How Appium helps in Mobile App Testing for Multiple OS
Since the last two decades, the world has experienced a major digital transformation and mobile applications being the most popular ones, have evolved abruptly due to constant customer demands. Various technological solutions were implemented to make mobile application testing simpler and efficient. Adaptability, flexibility, multipurpose, quality, and speed are the key attributes that every mobile-centric brand is focusing on. Hence all application-centric brands are looking for a UI Automation tool that is faster, qualitative, and multiple OS supporting platform so that all mobile devices with diverse OS can be tested in one platform. Appium is the most popular UI Automation framework supporting mobile app testing for multiple os devices. In this blog, we will define Appium and how it supports application testing for mobile devices with multiple OS.
What is Appium?
The figure shown is the simple architecture for Appium. This is also called client-server architecture. Here the script can be written in any programming language as it supports the selenium web driver library which supports all the programming languages. Once the script is ready, it is sent to the server and through the webdriver protocol also called the JSON wire protocol it is converted into HTTP REST request which can be understood by the Appium server. Once the client-server connection is established, the server interacts with the mobile applications. The server interacts with the native frameworks supported by specific mobile applications. For example, the Android application uses the UIAutomator2 framework and the iOS application uses the XCUIT framework. Hence, the Appium server interacts with these frameworks and runs the script to perform the automation. Similarly, the Appium interacts with multiple frameworks like UIAutomator2 and XCUIT to perform automation testing for multiple OS. So this is a brief description of the Appium Architecture and how it interacts with the multiple operating systems. Now let’s have a more detailed discussion on the interaction of Appium with different Operating Systems.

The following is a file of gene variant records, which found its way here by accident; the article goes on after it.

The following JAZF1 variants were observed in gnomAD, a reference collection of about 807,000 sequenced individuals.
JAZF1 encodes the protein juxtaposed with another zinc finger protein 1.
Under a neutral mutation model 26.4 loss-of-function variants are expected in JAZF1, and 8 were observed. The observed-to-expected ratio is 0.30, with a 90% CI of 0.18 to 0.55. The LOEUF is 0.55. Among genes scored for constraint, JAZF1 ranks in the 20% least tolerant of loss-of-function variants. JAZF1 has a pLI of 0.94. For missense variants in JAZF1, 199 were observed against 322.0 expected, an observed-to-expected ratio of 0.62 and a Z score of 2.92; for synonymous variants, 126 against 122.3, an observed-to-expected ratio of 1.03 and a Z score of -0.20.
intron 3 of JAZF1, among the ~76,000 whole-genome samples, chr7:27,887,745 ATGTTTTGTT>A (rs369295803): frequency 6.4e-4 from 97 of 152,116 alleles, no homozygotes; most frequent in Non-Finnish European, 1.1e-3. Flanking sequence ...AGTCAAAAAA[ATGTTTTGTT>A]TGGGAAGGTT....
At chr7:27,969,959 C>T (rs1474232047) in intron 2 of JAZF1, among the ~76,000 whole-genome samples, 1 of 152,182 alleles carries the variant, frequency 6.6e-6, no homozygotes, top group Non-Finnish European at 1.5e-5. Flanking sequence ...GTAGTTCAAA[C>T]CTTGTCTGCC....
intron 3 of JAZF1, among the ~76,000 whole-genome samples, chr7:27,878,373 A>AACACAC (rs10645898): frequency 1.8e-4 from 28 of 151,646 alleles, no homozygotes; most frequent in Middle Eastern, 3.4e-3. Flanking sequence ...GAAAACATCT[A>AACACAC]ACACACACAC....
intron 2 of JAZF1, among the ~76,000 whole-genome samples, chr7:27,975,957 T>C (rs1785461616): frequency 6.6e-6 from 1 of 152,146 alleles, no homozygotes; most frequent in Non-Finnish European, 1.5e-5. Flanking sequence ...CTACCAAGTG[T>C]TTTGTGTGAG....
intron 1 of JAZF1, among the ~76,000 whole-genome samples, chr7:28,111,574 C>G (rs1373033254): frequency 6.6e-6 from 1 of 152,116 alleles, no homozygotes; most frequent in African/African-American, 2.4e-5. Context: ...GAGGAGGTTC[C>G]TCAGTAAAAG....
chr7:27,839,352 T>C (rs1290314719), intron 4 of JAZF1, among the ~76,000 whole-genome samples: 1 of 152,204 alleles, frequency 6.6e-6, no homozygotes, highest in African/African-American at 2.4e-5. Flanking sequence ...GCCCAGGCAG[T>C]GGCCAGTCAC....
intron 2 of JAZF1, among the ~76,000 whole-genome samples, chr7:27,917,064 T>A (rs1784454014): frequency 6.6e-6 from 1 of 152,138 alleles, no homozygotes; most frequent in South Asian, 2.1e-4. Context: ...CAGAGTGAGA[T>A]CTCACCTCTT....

Appium interaction with iOS
The command life cycle for the Appium - IOS interaction is as follows, the selenium webdriver picks the command and sends it to the Appium server in the form of JSON via HTTP request to the Appium Server. Appium server knows the automation context like the iOS and Android and sends this command to the Instruments command server which will wait for the Instruments command client (written in node.js) to pick it up and execute it in bootstrap.js within the iOS instrument's environment. So this is how Appium interacts with the iOS by exchanging the messages between the command client and the command server. This cycle keeps on going till all the commands get executed.
Appium interaction with Android
The situation is pretty similar in the case of Android where the webdriver proxies command to the UI automation. UI Automator is Android's native UI automation framework which supports running JUnit test cases directly into the device from the command line. It uses Java as a programming language but Appium will make it run from any of the WebDriver supported languages. Here the bootstrap.jar file spawns a TCP server and the TCP server resides inside the device and client is in the Appium process which is just opposite to the way it is in iOS.
Appium is one of the most popular UI automation frameworks as it supports mobile application testing for multiple OS. This great feature of Appium solves the major hurdle of cross-platform device testing that every mobile-centric organization suffers from. Appium being an open-source platform is like the cherry on the cake. These qualities make Appium highly recommended for developing high-performance mobile applications.
Doesn't this type of Mobile app testing reveal our code to the third party testing tool